The Adelaide News
Thursday 12 January 1928
"The- Norwood Camp" -"
Half-trained runners do not win important races in these modern times,", is the belief of J. K. Eglinton who with a preparation of three months successfully fitted L, R. Parker for the 1927-Bay Sheffield. It was not the first time that Eglinton had prepared the-winner of .the Bay Sheffield. He has had a successful career as trainer, and-E. Wadham, who like Parker, plays football for Norwood- won the Bay Sheffield in 1923. There was a Norwood flavor about both victories, as Eglinton is a trainer of the football club.
F. H. White, the only other runner now under the care of Eglinton, had a brother playing for Norwood several seasons ago. It is little wonder that members of the club delight in hearing of the success of the Norwood"camp."
Eglinton, who was a fine runner in his youth, is popularly known as '"Dad" throughout football and pedestrian circles. Evidently his soubriquet was brought about by th.fact that his sons have been associated with him in his hobby.
Fine Runner in Youth
Although born in Victoria 50 years ago Eglinton has spent the last 20 years of his life in South Australia, and during the whole of that time he has devoted his spare moments to preparing speedy men for races. White, who is the champion runner of the State, has been under the care of the Norwood man for three years, and they were associated when White won at Maryborough in 1912.
Eglinton in his youth won the Federation Sheffield at Broken Hill, and ran 119 yards in- 12 1-10 sec. Old-timers would remember Joe Burns' hundred in Western Australia, in which Eglinton ran second on one occasion, giving away 11 yards to the winner.
With the exception of Saturdays, Eglinton has his men out every day in the week, and unless those in his charge conform to his ideas of routine they are not wanted. Early hours, wholesome food, and a clean life generally are essential for a runner to make good, is the belief of the Norwood trainer, who is painstaking in his efforts. He also avers that the man in training depends upon himself for training just as much as he does upon his mentor.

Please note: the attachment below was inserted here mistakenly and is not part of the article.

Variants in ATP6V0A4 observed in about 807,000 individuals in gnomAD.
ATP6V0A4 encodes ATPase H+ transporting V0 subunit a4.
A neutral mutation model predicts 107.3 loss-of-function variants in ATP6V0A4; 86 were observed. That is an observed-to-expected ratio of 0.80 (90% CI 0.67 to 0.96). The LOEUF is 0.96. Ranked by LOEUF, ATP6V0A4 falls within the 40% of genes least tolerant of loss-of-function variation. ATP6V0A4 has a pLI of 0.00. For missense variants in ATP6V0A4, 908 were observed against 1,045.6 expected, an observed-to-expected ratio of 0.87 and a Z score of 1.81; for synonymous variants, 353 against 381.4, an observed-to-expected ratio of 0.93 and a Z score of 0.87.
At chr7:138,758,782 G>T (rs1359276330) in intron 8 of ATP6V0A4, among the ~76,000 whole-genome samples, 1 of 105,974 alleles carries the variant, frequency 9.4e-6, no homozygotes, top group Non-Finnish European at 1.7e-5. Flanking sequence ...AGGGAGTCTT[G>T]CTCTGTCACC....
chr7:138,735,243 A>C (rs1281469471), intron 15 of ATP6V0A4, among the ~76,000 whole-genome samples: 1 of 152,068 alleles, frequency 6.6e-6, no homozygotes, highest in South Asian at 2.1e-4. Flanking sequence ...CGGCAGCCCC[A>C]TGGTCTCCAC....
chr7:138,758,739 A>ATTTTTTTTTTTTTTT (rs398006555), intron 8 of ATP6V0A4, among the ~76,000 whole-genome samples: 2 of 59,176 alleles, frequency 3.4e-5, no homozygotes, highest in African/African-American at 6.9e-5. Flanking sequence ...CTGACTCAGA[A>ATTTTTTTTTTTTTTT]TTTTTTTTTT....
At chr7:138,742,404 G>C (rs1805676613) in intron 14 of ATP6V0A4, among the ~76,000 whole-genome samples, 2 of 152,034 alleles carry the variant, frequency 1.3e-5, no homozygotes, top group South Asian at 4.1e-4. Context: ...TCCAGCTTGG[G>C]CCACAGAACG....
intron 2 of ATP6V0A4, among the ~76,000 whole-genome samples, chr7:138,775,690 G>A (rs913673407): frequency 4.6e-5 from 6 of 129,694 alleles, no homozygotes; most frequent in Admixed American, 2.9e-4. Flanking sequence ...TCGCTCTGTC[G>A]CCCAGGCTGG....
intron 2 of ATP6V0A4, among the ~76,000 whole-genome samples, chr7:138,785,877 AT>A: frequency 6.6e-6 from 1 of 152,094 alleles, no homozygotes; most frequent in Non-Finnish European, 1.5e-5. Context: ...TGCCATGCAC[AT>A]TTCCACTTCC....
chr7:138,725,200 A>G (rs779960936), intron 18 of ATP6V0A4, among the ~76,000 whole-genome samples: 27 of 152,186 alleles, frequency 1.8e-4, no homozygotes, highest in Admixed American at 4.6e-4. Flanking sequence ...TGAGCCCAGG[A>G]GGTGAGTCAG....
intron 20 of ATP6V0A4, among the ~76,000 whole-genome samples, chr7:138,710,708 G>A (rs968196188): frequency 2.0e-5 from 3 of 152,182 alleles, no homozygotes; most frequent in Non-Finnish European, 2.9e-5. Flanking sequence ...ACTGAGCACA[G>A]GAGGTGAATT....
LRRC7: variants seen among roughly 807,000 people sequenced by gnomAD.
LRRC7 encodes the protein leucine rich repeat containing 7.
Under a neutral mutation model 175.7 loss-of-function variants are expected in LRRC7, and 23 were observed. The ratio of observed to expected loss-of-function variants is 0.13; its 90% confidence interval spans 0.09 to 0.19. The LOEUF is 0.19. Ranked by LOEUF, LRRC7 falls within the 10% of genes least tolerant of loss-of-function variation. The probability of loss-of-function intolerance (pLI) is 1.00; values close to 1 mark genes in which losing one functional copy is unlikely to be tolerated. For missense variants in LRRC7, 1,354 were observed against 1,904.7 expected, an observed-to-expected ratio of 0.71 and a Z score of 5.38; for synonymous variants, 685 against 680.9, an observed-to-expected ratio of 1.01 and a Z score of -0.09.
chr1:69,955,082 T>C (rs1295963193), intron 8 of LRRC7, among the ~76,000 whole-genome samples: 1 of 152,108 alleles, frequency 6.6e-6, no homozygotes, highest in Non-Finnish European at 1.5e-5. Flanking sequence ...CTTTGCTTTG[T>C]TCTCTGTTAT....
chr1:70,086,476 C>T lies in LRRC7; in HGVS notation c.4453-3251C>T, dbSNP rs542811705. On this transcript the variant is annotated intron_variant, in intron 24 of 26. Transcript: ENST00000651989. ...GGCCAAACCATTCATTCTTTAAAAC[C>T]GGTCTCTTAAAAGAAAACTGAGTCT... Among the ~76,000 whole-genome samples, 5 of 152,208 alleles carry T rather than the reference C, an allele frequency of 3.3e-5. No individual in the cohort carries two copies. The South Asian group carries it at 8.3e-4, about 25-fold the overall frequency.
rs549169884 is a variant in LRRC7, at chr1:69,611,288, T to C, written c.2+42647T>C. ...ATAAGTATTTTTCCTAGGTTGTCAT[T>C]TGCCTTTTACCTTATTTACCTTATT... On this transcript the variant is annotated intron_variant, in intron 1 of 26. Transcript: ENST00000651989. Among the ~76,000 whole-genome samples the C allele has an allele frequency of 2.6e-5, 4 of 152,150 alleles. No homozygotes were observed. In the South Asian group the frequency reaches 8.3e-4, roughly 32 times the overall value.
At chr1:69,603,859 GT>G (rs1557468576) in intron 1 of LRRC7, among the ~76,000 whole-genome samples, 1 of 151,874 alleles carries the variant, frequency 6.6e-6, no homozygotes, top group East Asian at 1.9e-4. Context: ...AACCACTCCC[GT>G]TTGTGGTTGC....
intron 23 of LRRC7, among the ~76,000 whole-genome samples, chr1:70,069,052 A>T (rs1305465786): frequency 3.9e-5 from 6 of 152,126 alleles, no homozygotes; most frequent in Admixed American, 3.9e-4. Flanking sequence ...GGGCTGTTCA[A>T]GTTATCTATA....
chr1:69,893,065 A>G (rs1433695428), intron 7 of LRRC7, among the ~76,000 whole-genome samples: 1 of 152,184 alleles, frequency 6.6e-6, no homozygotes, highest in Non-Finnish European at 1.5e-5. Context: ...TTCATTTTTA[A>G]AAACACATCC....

No objection' is taken to smoking or drinking, provided both are indulged in moderately. Two ounces of tobacco a week is not out of the way, he thinks. However, spirits are tabooed. Eglinton believes in plenty of running if the runner can get rest commensurate with his work.
White will compete in the world championships in Melbourne next month over 70, 100, 130, and 220 yards, and although his trainer does not expect him to win, he is of the opinion that he will not be disgraced. White will also run against Signal Box, the champion whippet of the State, at Hamley Bridge on January 28, where he will receive a handicap of 40 yards in 100. White won the Jeparit Gift last year off 7 yards, and was fourth this year off 7½ yards. S Parker did not train seriously until he came to the city, although he had met with success at country fixtures. His first effort was at Greenock, where he won over 75, 130, and 220 yards. Shortly afterward he won the Murray Bridge Sheffield, tied for first place over 75 yards, and was second in the 220 yards event.
Others who have met with important successes 'while under the care of Eglinton are A. Dawson (fourth in Bay Sheffield), Heinicke (winner of Underdale Sheffield); A. J. Rumsby (three years; in succession won mile championship of the State), D Eglinton (Semaphore Sheffield). It is a coincidence that before coming in contact with Eglinton sen. Parker robbed D. Eglinton of winning the 220 at Angaston for the third successive year. Parker inadvertently fouled Eglinton during the race and spoiled his chance of success.